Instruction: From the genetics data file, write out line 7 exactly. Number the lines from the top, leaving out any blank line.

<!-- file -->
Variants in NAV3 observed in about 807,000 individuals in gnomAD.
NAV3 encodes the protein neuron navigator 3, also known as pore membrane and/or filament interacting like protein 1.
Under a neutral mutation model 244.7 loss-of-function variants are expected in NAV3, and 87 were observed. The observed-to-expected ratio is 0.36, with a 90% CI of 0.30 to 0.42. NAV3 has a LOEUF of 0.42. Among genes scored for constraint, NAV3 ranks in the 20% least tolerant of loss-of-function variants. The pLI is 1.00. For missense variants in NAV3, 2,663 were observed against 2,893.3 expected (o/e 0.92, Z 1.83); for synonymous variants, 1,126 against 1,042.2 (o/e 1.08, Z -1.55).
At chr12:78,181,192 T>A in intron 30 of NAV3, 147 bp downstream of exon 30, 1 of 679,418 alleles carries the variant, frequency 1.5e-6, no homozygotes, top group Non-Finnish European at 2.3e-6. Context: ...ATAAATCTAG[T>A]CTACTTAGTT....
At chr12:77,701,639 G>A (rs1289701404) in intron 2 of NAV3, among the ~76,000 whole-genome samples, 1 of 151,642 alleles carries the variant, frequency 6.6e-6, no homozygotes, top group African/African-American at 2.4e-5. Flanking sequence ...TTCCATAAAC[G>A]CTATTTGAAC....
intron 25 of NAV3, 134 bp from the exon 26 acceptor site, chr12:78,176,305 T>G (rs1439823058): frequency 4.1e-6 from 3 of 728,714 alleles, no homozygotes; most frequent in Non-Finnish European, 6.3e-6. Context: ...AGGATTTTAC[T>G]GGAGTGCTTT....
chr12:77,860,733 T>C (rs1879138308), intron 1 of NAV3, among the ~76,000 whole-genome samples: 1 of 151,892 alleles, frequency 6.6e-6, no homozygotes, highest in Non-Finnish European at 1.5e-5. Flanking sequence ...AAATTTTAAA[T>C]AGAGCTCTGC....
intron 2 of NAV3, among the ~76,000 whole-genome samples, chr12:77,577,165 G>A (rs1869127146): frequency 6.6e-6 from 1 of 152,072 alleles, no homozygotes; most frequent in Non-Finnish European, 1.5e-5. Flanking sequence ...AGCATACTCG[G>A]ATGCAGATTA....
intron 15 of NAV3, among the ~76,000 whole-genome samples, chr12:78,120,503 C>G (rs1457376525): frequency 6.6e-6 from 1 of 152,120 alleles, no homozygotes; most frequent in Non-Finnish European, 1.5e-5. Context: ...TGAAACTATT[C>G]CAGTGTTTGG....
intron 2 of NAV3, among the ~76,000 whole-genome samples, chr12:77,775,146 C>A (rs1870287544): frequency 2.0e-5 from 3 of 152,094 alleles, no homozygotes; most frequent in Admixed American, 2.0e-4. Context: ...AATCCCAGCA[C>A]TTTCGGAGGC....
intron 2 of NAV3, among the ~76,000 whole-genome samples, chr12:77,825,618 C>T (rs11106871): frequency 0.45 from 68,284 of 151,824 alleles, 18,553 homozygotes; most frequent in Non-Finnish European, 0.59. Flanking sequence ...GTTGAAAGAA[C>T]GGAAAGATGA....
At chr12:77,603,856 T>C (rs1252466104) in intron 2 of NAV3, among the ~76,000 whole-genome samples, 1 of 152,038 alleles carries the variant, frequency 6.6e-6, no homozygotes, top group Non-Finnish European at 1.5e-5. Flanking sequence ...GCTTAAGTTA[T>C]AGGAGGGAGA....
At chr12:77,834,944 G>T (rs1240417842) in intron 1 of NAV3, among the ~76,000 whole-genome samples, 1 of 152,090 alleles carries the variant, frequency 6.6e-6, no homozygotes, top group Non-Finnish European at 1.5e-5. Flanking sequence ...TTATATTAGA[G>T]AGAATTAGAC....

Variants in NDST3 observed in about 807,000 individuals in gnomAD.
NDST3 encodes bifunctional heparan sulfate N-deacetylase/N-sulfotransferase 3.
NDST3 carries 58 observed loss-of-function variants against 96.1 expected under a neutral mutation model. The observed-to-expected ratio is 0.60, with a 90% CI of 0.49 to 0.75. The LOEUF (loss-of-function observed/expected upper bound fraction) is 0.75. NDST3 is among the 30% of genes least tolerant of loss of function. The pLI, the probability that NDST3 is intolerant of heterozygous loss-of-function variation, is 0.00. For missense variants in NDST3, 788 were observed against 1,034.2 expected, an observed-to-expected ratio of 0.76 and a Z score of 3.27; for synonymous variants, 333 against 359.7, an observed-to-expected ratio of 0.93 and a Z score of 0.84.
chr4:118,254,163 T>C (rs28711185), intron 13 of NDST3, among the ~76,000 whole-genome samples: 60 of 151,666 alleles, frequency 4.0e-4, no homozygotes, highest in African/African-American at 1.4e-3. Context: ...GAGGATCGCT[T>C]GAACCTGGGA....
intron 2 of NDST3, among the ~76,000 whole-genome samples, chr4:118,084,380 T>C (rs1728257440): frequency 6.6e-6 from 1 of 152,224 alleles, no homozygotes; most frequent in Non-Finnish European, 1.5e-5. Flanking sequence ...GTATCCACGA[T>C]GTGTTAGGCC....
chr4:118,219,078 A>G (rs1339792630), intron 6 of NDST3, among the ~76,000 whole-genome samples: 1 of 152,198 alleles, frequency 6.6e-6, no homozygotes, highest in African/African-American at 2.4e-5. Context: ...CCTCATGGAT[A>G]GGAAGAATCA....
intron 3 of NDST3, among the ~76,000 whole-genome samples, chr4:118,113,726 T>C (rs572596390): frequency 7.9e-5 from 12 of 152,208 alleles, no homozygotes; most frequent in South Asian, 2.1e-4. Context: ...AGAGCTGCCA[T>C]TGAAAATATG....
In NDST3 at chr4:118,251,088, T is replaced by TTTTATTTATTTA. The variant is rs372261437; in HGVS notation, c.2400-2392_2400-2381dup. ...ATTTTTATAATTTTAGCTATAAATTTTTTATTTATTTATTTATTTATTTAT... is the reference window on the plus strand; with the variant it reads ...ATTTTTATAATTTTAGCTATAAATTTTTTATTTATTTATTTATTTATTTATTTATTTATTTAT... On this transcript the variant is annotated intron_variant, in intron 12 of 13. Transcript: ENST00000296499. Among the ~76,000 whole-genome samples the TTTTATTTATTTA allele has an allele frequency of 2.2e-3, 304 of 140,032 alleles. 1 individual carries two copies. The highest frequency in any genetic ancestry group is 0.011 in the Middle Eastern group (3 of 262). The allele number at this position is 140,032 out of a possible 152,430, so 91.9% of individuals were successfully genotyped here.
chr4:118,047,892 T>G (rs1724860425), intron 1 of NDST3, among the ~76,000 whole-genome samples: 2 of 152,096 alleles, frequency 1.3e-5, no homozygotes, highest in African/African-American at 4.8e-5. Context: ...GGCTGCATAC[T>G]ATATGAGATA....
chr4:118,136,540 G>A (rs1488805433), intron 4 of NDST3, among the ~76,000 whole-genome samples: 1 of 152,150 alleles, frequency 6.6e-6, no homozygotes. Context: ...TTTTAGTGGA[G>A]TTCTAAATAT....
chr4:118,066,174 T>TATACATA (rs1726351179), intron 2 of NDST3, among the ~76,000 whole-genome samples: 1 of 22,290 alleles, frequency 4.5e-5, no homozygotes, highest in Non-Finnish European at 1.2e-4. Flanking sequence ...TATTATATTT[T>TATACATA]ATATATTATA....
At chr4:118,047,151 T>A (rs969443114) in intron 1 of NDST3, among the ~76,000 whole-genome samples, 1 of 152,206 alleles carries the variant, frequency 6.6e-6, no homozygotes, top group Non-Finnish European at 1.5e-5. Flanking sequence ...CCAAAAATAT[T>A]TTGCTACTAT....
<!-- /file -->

chr12:77,860,733 T>C (rs1879138308), intron 1 of NAV3, among the ~76,000 whole-genome samples: 1 of 151,892 alleles, frequency 6.6e-6, no homozygotes, highest in Non-Finnish European at 1.5e-5. Flanking sequence ...AAATTTTAAA[T>C]AGAGCTCTGC....